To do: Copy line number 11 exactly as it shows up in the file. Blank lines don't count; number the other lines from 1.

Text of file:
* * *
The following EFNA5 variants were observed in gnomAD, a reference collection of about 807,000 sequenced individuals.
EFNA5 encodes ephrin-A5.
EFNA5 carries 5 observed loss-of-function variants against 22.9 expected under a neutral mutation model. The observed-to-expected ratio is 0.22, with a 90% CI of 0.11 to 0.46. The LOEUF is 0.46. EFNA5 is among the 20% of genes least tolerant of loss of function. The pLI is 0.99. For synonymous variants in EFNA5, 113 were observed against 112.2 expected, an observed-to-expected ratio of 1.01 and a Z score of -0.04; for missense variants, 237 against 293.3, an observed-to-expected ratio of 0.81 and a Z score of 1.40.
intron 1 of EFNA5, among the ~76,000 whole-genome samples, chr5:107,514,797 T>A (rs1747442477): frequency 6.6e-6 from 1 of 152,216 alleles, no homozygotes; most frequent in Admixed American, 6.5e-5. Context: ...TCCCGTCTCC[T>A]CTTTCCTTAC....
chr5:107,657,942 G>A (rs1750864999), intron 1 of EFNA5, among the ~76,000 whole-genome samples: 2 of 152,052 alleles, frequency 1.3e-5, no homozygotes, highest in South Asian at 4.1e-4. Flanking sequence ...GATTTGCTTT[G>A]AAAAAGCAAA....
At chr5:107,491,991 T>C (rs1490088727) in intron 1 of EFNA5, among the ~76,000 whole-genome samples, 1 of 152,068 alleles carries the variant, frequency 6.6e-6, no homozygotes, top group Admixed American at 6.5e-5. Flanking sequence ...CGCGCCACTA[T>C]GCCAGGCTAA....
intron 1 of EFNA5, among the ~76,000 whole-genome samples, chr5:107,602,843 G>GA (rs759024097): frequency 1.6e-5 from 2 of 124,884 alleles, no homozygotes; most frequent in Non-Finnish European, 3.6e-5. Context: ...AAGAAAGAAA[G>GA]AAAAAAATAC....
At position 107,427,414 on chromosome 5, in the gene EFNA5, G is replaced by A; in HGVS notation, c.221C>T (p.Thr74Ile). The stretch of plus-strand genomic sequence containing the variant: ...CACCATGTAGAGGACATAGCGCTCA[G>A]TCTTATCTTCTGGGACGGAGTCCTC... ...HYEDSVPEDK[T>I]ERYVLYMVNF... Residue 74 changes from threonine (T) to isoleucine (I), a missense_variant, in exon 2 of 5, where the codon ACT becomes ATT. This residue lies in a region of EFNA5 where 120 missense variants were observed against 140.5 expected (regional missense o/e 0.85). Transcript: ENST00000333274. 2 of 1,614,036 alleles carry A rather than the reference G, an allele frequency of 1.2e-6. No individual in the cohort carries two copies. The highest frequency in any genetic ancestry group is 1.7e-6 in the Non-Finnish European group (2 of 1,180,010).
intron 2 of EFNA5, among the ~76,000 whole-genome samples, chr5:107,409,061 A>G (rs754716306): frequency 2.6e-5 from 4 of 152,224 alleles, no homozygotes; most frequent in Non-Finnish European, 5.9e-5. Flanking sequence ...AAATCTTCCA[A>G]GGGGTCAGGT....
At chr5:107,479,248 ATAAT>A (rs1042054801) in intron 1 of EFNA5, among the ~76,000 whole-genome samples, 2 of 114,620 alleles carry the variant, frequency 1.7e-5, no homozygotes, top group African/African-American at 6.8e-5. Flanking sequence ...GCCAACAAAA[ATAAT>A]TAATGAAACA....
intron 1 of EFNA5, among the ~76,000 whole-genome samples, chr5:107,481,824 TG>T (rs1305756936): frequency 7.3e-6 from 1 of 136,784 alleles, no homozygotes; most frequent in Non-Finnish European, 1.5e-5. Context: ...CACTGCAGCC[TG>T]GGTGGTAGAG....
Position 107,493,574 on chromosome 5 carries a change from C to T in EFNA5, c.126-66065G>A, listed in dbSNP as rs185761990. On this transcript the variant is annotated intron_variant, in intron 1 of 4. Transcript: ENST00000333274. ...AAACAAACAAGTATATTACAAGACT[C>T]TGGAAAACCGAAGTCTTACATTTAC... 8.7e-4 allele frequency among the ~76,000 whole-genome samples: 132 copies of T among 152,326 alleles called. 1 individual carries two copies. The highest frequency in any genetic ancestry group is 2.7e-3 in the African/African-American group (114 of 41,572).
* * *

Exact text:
intron 1 of EFNA5, among the ~76,000 whole-genome samples, chr5:107,481,824 TG>T (rs1305756936): frequency 7.3e-6 from 1 of 136,784 alleles, no homozygotes; most frequent in Non-Finnish European, 1.5e-5. Context: ...CACTGCAGCC[TG>T]GGTGGTAGAG....